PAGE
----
Of all the motorcycles Harley produced for the military, the Harley-Davidson WLA was by far the most common – though that doesn’t mean it’s easy to find nowadays. Based on the WL (W – a model line of bikes, L – high compression, A – Army), this bike helped create a dramatic rise in Harley’s popularity as surplus bikes were sold to civilians, many of whom were servicemen that had come back from the war and wanted a bike like the ones he rode or saw during wartime.
What can be confusing about these bikes is the VIN. No matter the year of production, any bike built after Pearl Harbor had a serial number starting with 42 – even a bike like this that was made in 45. I noted above that the “L” designation was Harley’s letter for “High” compression, though in reality the Army used a medium compression variant for higher reliability. Even then, what was medium compression 70 years ago is, as you’d expect, very low now – just 5:1. Because of this, you can actually run this bike on 74 octane. For more on the Harley-Davidson WLA, one of the best sources online is The Liberator.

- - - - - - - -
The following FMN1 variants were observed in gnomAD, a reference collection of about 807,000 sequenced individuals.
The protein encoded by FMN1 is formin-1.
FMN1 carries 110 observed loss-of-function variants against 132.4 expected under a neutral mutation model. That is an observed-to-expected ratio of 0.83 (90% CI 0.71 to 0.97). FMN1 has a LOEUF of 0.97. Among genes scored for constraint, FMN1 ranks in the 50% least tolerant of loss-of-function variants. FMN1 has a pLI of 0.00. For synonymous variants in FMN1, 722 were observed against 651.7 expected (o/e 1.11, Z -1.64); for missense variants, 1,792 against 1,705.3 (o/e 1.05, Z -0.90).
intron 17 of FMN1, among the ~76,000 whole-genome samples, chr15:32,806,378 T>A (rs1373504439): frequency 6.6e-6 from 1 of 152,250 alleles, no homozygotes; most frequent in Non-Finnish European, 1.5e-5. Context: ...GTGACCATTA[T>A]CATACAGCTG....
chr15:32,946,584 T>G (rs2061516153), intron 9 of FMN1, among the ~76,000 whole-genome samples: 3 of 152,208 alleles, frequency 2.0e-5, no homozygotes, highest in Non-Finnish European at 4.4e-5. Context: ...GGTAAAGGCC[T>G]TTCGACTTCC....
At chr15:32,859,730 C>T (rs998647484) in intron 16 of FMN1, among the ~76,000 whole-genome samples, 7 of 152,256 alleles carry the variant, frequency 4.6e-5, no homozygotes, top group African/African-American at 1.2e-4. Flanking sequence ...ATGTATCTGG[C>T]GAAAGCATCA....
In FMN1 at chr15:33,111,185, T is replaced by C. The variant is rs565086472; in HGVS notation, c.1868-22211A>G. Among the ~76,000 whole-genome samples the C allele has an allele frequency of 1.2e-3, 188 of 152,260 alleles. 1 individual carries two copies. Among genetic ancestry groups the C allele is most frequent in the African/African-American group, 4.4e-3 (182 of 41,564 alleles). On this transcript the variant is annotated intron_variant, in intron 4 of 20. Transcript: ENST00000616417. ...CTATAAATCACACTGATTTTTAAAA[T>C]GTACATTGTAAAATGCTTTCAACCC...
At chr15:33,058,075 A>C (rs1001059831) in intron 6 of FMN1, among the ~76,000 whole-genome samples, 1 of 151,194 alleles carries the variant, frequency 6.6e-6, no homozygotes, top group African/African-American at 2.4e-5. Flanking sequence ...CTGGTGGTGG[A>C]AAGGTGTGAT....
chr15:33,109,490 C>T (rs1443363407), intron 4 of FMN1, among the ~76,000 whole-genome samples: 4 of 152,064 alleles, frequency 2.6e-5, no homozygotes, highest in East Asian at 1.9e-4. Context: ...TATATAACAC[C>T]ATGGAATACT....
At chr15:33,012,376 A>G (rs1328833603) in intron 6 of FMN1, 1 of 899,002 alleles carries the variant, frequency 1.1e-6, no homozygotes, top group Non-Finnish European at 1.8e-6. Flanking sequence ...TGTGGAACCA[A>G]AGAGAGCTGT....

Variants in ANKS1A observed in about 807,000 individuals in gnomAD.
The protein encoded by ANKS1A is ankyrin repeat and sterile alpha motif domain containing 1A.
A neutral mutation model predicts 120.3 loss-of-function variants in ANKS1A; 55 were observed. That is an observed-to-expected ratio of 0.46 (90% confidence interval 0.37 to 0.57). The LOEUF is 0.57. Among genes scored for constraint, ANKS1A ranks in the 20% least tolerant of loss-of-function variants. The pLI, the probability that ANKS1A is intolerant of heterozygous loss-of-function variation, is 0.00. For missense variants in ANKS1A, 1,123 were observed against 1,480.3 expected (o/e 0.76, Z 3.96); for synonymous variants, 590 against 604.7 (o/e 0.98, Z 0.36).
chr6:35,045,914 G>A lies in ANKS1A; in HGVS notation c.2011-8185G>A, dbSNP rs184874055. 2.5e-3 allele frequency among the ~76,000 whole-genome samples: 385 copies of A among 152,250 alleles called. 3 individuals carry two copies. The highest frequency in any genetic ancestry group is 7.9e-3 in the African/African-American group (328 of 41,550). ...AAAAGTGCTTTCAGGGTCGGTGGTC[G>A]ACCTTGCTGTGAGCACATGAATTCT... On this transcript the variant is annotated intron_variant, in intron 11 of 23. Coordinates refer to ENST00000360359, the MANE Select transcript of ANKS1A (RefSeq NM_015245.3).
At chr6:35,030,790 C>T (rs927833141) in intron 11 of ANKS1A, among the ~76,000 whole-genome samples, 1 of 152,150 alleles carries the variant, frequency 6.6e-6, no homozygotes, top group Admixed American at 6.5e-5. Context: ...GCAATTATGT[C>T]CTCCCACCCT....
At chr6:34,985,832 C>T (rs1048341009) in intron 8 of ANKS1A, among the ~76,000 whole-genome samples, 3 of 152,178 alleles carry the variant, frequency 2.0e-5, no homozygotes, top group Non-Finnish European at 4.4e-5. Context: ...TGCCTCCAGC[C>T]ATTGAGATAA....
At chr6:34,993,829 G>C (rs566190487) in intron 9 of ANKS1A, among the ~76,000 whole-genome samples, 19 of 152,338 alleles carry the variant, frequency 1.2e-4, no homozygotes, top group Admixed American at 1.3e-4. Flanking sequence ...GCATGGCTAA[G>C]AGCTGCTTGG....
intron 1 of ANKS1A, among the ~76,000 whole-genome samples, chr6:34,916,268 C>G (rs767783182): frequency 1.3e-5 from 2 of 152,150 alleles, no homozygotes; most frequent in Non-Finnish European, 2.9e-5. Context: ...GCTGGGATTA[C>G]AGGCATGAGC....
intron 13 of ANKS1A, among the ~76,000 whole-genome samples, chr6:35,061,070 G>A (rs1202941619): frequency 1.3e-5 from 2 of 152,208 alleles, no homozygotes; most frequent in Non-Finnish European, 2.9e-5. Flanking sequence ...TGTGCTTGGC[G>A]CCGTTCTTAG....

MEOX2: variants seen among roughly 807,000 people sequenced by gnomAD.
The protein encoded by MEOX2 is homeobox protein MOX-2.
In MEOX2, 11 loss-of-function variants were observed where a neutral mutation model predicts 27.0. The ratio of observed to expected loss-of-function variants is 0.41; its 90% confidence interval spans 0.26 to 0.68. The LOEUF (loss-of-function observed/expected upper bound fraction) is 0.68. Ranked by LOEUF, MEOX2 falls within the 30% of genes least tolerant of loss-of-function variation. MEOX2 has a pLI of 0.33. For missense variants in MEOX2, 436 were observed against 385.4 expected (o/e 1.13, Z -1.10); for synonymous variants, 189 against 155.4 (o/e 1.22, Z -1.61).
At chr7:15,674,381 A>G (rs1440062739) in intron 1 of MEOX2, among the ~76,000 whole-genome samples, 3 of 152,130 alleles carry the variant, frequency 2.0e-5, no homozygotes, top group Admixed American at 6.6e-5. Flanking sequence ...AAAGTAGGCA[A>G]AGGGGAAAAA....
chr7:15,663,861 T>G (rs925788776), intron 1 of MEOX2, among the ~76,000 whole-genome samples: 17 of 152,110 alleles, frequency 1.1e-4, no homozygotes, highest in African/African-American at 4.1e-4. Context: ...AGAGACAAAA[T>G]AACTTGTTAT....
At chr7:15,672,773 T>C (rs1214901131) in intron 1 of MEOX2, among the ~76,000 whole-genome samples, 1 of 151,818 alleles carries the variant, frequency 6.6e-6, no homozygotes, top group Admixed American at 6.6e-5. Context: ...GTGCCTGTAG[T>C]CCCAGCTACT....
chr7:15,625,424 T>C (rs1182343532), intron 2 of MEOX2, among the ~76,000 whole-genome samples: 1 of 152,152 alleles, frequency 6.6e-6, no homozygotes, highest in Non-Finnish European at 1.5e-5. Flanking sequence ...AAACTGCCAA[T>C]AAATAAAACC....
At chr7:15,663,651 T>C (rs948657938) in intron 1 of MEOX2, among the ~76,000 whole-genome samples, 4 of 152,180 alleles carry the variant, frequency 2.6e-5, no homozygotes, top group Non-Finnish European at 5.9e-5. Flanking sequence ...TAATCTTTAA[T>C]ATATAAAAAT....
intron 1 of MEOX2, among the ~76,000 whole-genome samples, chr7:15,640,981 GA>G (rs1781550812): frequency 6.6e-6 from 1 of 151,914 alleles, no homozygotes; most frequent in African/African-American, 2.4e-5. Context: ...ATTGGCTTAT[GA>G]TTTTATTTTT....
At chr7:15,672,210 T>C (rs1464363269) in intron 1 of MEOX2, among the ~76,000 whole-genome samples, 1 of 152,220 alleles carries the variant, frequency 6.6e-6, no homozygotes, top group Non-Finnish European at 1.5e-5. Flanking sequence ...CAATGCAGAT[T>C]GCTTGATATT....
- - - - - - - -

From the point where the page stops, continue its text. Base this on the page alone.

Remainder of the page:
This specific Harley-Davidson WLA (VIN: 42WLA68335) apparently traded hands several times before being acquired by the seller’s grandfather in 1960 for $50. Afraid that the bike would be chopped up, the grandfather disassembled the bike and stored it until it was given to the seller in 1982. Over several years, the seller restored the bike to military spec, although the transmission disappeared (was stolen) when a shop he sent it to closed down, which is a shame. There’s a few reproduction parts,
Find this Harley-Davidson WLA for sale in Lansing, Michigan with bidding up to $10,565